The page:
The Australian Institute of Criminology's National Homicide Monitoring Program (NHMP) has monitored homicides in Australia since 1989. NHMP data indicate that homicide, followed by the suicide of the offender either immediately after or within a short period of killing one or more victims, is a relatively infrequent event. Out of the total number of homicide incidents recorded by the NHMP (n=5,486), six percent (n=343) are classified as murder-suicides and 80 percent of these occurred in the context of intimate and/or family relationships. The most common type of murder-suicide in 2006-07 was that involving a parent killing their children (38% of murder-suicides) followed by intimate partner homicide (31% of murder-suicides). Eighty-two percent of murder-suicides in 2006-07 involved one offender and victim only. The remaining 18 percent involved one offender and multiple victims. The figure below shows that there is no statistically significant trend in multiple-victim murder-suicides, with numbers fluctuating between a low of zero during 2001 and a high of seven during 2003.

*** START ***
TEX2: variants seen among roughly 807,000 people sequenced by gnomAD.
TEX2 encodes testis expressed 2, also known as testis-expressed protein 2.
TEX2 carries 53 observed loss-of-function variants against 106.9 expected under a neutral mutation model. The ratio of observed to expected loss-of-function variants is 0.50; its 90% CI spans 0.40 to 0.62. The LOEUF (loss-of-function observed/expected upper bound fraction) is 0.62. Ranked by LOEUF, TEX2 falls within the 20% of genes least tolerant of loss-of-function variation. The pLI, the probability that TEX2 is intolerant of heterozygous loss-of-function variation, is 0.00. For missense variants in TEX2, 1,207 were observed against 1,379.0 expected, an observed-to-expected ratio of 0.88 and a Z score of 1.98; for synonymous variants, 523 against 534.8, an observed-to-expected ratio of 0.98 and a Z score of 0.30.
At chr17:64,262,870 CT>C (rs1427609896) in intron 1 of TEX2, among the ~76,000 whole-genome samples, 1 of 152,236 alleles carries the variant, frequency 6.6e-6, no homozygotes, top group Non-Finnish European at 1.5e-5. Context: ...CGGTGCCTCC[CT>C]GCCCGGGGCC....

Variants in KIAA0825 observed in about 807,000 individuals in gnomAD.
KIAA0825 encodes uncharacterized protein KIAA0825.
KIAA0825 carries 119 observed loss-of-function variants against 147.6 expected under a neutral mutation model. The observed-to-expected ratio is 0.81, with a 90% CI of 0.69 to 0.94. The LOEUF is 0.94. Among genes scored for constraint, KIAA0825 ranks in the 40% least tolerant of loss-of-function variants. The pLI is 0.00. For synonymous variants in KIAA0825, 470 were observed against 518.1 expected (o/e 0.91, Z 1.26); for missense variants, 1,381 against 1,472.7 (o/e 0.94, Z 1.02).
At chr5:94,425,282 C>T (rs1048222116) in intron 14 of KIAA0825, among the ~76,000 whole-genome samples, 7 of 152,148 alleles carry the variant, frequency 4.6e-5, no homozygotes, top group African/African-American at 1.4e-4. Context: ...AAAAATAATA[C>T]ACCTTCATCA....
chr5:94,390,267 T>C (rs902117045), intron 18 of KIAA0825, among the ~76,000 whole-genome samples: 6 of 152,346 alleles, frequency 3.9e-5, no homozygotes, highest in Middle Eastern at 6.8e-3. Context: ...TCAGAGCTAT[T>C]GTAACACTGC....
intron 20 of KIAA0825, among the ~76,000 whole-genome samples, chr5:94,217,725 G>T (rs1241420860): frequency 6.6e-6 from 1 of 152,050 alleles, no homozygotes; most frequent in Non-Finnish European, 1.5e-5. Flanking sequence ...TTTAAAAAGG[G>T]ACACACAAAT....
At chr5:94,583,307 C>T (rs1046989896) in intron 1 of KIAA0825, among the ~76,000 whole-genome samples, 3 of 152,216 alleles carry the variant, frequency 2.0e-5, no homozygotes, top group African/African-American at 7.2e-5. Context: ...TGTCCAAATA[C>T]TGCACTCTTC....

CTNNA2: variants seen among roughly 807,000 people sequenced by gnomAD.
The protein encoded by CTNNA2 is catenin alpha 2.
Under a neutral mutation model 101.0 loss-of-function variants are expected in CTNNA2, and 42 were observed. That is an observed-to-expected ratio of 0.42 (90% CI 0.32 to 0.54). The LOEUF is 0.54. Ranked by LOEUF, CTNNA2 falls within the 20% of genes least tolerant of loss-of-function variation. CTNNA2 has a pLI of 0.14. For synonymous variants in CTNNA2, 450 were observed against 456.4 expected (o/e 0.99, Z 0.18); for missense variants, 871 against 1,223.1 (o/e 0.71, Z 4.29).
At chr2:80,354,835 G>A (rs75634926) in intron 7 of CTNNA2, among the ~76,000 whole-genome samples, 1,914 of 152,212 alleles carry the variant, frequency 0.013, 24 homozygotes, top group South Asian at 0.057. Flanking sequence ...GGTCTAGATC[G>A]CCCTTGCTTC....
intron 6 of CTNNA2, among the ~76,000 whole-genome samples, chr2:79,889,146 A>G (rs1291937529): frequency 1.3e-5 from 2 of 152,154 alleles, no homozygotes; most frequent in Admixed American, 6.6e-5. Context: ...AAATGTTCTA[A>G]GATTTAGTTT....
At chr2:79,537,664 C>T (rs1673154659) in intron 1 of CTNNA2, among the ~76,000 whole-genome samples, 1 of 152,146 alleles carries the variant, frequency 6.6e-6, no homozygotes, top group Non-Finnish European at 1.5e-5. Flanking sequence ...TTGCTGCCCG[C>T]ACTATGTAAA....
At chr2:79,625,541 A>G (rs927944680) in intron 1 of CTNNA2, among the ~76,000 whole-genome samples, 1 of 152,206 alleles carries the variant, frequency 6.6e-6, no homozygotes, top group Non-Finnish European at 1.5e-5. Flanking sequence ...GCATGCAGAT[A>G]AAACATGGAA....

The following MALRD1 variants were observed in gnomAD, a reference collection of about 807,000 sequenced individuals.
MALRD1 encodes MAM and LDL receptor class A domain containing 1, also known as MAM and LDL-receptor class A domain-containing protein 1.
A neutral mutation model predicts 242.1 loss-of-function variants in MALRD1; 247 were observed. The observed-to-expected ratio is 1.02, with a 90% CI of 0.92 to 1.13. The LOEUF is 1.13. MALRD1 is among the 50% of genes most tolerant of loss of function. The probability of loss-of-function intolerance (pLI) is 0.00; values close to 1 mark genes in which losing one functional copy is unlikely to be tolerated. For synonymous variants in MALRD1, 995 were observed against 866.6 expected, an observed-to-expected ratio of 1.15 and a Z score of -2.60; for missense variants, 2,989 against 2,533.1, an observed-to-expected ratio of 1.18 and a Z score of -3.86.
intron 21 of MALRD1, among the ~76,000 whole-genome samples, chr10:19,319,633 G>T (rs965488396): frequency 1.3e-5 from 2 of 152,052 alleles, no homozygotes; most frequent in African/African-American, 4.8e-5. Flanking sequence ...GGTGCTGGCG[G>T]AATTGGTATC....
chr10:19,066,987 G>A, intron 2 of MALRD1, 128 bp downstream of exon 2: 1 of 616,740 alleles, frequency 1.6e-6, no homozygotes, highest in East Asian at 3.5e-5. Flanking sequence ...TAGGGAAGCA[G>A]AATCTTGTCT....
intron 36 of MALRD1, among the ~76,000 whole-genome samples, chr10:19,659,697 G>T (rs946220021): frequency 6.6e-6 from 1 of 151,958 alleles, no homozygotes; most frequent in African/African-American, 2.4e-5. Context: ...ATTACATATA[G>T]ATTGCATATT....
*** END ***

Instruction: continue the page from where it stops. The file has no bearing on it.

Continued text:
Source: AIC National Homicide Monitoring Program 1989-90 to 2006-07 [computer file]